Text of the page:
The Fiery Cross

By: Diana Gabaldon

This book is for my Sister, Theresa Gabaldon,

with whom I told the first Stories.

I have lived through war, and lost much. I know what’s worth the fight, and what is not.

Honor and courage are matters of the bone, and what a man will kill for, he will sometimes die for, too.

And that, O kinsman, is why a woman has broad hips; that bony basin will harbor a man and his child alike. A man’s life springs from his woman’s bones, and in her blood is his honor christened.

For the sake of love alone, would I walk through fire again.


The author’s profound thanks to . . .

. . . my editor, Jackie Cantor, always the book’s champion above all.

. . . my agent, Russ Galen, who’s always on my side, with shield and lance.

. . . Stacey Sakal, Tom Leddy, and the other wonderful Production people who have sacrificed their time, talent, and mental health to the production of this book.

. . . Kathy Lord, that rarest and most delightful of creatures, an excellent copy editor.

. . . Virginia Norey, the book’s designer (aka Book Goddess), who somehow managed to fit the Whole Thing between two covers and make it look great.

. . . Irwyn Applebaum and Nita Taublib, publisher and deputy publisher, who came to the party, and brought their stuff.

. . . Rob Hunter and Rosemary Tolman, for unpublished information on the War of the Regulation and their very colorful and interesting ancestors, James Hunter and Hermon Husband. (No, I don’t make all these people up; just some of them.)

. . . Beth and Matthew Shope, and Liz Gaspar, for information on North Carolina Quaker history and beliefs. (And we do note as a matter of strict accuracy that Hermon Husband was not technically a Quaker at the time of this story, having been put out of the local Meeting for being too inflammatory.)

. . . Bev LaFlamme, Carol Krenz, and their (respectively) French and French-Canadian husbands (who no doubt wonder just what sort of friends their wives have, anyway), for expert opinions on the subtleties of French bowel movements, and help with Very Picturesque French idioms.

. . . Julie Giroux, for Roger’s music, and the marvelous “Culloden Symphony.” Roy Williamson for “The Flower of Scotland” (words and music) copyright © The Corries (music) Ltd.

. . . Roger H.P. Coleman, R.W. Odlin, Ron Parker, Ann Chapman, Dick Lodge, Olan Watkins, and many members of the Compuserve Masonic Forum for information on Freemasonry and Irregular Lodges, circa 1755 (which was a good bit prior to the establishment of the Scottish Rite, so let’s not bother writing me about that, shall we?)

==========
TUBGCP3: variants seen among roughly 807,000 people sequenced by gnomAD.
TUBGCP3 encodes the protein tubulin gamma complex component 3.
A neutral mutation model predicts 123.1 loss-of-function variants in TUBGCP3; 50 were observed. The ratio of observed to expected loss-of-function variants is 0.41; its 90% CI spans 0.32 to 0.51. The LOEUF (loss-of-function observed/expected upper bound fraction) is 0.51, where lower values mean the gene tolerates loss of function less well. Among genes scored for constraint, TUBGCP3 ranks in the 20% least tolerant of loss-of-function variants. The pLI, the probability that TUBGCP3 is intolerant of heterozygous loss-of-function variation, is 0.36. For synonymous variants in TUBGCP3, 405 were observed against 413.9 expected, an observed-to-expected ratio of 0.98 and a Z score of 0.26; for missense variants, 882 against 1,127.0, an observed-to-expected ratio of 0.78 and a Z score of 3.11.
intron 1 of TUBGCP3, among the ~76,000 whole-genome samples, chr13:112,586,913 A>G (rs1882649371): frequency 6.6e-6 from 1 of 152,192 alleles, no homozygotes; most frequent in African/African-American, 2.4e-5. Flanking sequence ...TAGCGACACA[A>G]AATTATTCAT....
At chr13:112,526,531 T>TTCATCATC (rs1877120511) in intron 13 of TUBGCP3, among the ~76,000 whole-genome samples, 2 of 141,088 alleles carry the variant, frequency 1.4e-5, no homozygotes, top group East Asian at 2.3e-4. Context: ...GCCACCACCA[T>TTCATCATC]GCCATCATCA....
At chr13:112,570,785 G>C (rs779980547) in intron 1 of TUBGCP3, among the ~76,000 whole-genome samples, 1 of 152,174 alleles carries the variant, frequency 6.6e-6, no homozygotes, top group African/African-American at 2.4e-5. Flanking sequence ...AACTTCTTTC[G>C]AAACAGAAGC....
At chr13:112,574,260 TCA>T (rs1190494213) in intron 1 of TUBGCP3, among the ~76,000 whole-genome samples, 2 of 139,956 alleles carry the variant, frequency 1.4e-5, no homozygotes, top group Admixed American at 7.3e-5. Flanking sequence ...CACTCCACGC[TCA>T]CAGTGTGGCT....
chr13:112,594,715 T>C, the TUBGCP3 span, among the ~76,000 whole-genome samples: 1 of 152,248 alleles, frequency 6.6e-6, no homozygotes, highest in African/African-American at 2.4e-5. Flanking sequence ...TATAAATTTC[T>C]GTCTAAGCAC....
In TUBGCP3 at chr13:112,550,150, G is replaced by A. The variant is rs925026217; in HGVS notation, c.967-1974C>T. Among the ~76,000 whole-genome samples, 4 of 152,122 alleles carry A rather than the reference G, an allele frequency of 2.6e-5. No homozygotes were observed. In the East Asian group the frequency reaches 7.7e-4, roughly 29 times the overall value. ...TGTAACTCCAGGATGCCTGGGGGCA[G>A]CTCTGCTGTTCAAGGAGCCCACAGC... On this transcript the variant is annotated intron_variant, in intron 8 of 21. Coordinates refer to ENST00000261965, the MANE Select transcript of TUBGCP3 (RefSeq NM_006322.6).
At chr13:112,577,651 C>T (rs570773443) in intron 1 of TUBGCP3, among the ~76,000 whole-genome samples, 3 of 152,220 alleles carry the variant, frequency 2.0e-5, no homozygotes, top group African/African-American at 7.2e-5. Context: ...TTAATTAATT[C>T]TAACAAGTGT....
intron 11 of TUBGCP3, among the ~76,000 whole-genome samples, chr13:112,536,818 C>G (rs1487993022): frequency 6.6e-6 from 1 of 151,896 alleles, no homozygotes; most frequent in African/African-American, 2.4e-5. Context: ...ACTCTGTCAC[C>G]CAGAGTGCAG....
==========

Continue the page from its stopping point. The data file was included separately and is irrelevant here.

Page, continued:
. . . Karen Watson and Ron Parker, for advice on WWII London Tube Stations—with which I proceeded to take minor technical liberties.

. . . Steven Lopata, Hall Elliott, Arnold Wagner, R.G. Schmidt, and Mike Jones, honorable warriors all, for useful discussions of how men think and behave, before, during, and after battle.

. . . R.G. Schmidt and several other nice persons whose names I unfortunately forgot to write down, who contributed bits and pieces of helpful information regarding Cherokee belief, language, and custom. (The bear-hunting chant ending with “Yoho!” is a matter of historical record. There are lots of things I couldn’t make up if I tried.)

. . . the Chemodurow family, for generously allowing me to take liberties with their personae, in portraying them as Russian swineherds. (Russian boars really were imported into North Carolina for hunting in the18th century. This may have something to do with the popularity of barbecue in the South.)

. . . Laura Bailey, for invaluable advice and commentary on 18th century costume and customs—most of which I paid careful attention to.

. . . Susan Martin, Beth Shope, and Margaret Campbell, for expert opinions on the flora, fauna, geography, weather, and mental climate of North Carolina (and all of whom wish to note that only a barbarian would put tomatoes in barbecue sauce). Aberrations in these aspects of the story are a result of inadvertence, literary license, and/or pigheadedness on the part of the author.

. . . Janet McConnaughey, Varda Amir-Orrel, Kim Laird, Elise Skidmore, Bill Williams, Arlene McCrea, Lynne Sears Williams, Babs Whelton, Joyce McGowan, and the dozens of other kind and helpful people of the Compuserve Writers Forum, who will answer any silly question at the drop of a hat, especially if it has anything to do with maiming, murder, disease, quilting, or sex.

. . . Dr. Ellen Mandell, for technical advice on how to hang someone, then cut his throat, and not kill him in the process. Any errors in the execution of this advice are mine.

. . . Piper Fahrney, for his excellent descriptions of what it feels like to be taught to fight with a sword.

. . . David Cheifetz, for dragon-slaying.